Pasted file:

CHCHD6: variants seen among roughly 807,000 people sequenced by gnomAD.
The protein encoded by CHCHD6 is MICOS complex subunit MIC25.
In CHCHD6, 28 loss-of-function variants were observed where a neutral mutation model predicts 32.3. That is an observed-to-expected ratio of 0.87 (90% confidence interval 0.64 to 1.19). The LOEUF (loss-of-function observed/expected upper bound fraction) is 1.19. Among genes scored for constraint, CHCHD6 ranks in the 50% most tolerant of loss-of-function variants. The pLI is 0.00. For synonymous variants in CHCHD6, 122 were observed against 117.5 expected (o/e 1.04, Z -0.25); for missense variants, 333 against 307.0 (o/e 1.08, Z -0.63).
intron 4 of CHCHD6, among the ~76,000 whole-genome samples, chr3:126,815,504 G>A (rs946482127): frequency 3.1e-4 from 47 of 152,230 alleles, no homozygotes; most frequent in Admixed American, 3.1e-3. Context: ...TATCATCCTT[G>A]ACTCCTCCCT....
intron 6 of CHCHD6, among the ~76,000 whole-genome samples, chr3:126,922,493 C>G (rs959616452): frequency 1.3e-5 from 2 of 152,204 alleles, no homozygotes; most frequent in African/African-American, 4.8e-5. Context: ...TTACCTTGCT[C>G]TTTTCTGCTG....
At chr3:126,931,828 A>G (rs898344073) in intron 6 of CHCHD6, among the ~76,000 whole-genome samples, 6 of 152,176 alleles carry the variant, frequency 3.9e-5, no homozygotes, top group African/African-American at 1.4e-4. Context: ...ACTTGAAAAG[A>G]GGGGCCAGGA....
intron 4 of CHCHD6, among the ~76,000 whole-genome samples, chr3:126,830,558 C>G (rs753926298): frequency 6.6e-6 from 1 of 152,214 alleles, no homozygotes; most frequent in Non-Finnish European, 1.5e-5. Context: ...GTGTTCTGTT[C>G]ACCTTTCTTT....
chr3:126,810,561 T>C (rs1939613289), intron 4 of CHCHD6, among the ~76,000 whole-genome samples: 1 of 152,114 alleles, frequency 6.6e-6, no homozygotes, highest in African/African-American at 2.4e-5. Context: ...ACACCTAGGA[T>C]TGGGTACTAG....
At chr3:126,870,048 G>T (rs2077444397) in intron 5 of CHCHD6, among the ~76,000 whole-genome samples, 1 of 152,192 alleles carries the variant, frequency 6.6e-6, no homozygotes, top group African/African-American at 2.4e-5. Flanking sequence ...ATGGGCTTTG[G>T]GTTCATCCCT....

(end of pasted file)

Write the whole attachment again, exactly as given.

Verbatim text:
CHCHD6: variants seen among roughly 807,000 people sequenced by gnomAD.
The protein encoded by CHCHD6 is MICOS complex subunit MIC25.
In CHCHD6, 28 loss-of-function variants were observed where a neutral mutation model predicts 32.3. That is an observed-to-expected ratio of 0.87 (90% confidence interval 0.64 to 1.19). The LOEUF (loss-of-function observed/expected upper bound fraction) is 1.19. Among genes scored for constraint, CHCHD6 ranks in the 50% most tolerant of loss-of-function variants. The pLI is 0.00. For synonymous variants in CHCHD6, 122 were observed against 117.5 expected (o/e 1.04, Z -0.25); for missense variants, 333 against 307.0 (o/e 1.08, Z -0.63).
intron 4 of CHCHD6, among the ~76,000 whole-genome samples, chr3:126,815,504 G>A (rs946482127): frequency 3.1e-4 from 47 of 152,230 alleles, no homozygotes; most frequent in Admixed American, 3.1e-3. Context: ...TATCATCCTT[G>A]ACTCCTCCCT....
intron 6 of CHCHD6, among the ~76,000 whole-genome samples, chr3:126,922,493 C>G (rs959616452): frequency 1.3e-5 from 2 of 152,204 alleles, no homozygotes; most frequent in African/African-American, 4.8e-5. Context: ...TTACCTTGCT[C>G]TTTTCTGCTG....
At chr3:126,931,828 A>G (rs898344073) in intron 6 of CHCHD6, among the ~76,000 whole-genome samples, 6 of 152,176 alleles carry the variant, frequency 3.9e-5, no homozygotes, top group African/African-American at 1.4e-4. Context: ...ACTTGAAAAG[A>G]GGGGCCAGGA....
intron 4 of CHCHD6, among the ~76,000 whole-genome samples, chr3:126,830,558 C>G (rs753926298): frequency 6.6e-6 from 1 of 152,214 alleles, no homozygotes; most frequent in Non-Finnish European, 1.5e-5. Context: ...GTGTTCTGTT[C>G]ACCTTTCTTT....
chr3:126,810,561 T>C (rs1939613289), intron 4 of CHCHD6, among the ~76,000 whole-genome samples: 1 of 152,114 alleles, frequency 6.6e-6, no homozygotes, highest in African/African-American at 2.4e-5. Context: ...ACACCTAGGA[T>C]TGGGTACTAG....
At chr3:126,870,048 G>T (rs2077444397) in intron 5 of CHCHD6, among the ~76,000 whole-genome samples, 1 of 152,192 alleles carries the variant, frequency 6.6e-6, no homozygotes, top group African/African-American at 2.4e-5. Flanking sequence ...ATGGGCTTTG[G>T]GTTCATCCCT....